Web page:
Lashings of ginger beer, heaps of potted meat sandwiches…
…deep filled pies and huge slabs of fruit cake packed with juicy goodness – just right to feed four hungry children and a dog. Maybe this is what first sucked me into the Famous Five and the wonderful world of Enid Blyton, luring me with one of them cartoon vaporous fingers. I too could go cycling with the Five, have an thrilling adventure, and enjoy a delicious picnic tea afterwards. OK so I was never keen on ginger beer or potted meat, but Enid Blyton had the happy ability to make even sand and dog-meat sandwiches sound mouth-wateringly yummy!
If the Five had come round to my house, my mum would have served beans on toast around midday, and mashed spuds, cauli and sausages for tea, with probably no dessert unless there was a tin of rice pud lurking somewhere in the cupboard.
These were bought for me around 1981 when I was 11, dreaming of adventure and fruit cake. Five go off in a Caravan painted a romantic picture of a gyspy-style horse-drawn holiday, with some rough fair-folk flung in, and an alluringly named chapter ‘a lovely day with a horrid end’.
The other book, Five go to Mystery Moor sounded too exciting for words, what with mysterious moorland, and lots of fog!
Both books were the current paperback edition featuring a photograph from the Southern TV series. How I wished I could be just like George, but in reality was much more like scaredy Anne.
A year or so, and several Fives later, I had an Enid epiphany of sorts, and realised the Famous Five were by no means my first forays into Blyton. I remembered the early to mid seventies when I decorated my tiny bedroom with toytown blocks, recreating what must have looked like the place where Josie, Click and Bun lived in primary coloured wooden Cubes, rectangles, cylinders, triangles and arches. One memory led to another. I’d had a rag book with pictures of Noddy and Tessie Bear. Then a year or two afterwards, in school, my teacher often read out a book to the class over a period of several days. How I would nod off if she droned on about Ratty, Mole and Mr Toad – but on another day mention the exciting-sounding Saucepan Man appearing, with Moonface and Silky the fairy (who made melt-in-your-mouth biscuits), and my ears would prick up bigger than Big-Ears! By the time the book was closed, and the class were concentrating on sums, I was still up the Faraway Tree fighting off wicked goblins.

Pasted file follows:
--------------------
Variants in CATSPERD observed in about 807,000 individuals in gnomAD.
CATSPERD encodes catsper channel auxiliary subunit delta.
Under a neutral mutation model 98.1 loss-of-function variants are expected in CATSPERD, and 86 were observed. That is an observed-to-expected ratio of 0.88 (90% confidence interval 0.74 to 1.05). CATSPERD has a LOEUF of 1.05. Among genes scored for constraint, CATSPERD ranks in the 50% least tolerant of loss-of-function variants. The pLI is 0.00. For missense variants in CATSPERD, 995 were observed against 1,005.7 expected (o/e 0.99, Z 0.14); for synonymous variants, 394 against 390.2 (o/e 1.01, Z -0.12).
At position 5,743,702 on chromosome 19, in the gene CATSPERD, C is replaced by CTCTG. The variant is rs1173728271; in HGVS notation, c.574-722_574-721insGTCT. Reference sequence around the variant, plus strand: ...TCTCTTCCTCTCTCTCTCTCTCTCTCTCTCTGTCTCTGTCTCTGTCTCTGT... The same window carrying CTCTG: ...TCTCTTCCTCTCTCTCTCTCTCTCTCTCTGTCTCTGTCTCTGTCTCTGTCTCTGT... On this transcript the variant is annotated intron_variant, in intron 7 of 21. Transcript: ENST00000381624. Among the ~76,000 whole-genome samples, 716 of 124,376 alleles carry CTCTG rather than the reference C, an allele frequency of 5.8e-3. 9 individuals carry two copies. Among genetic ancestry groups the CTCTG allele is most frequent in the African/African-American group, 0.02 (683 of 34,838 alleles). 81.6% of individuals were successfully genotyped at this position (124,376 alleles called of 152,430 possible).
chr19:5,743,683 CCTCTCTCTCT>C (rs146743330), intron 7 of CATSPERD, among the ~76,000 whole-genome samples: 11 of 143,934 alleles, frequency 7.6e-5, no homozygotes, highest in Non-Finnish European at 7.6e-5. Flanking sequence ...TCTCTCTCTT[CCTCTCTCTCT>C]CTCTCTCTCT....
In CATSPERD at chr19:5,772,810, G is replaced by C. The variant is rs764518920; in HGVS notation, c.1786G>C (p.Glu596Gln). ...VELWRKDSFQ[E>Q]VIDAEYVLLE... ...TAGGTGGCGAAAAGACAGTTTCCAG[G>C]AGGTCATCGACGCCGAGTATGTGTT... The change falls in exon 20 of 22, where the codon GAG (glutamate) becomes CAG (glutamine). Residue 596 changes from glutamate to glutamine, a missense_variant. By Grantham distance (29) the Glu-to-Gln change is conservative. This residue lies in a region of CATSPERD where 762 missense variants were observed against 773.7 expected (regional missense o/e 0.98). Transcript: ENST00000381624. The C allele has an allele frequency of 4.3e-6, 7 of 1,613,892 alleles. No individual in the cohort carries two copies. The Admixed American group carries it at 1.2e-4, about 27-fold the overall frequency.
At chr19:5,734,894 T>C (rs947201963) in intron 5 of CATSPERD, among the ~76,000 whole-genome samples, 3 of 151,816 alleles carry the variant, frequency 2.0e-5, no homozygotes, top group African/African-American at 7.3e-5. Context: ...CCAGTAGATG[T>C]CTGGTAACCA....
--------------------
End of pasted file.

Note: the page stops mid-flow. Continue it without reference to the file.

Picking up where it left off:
Blyton had already infiltrated my subconscious, and I hadn’t even realised!
Things start to happen
Spending time with my new friends Julian, Dick, George, Anne and Timmy helped timid little me escape when I really needed to, and pointed me on the path to further delights: The Naughtiest Girl, St Claire’s, Those Dreadful Children, House at the Corner and my favourite character after the Five, the legend that is Frederick Algernon Trotteville!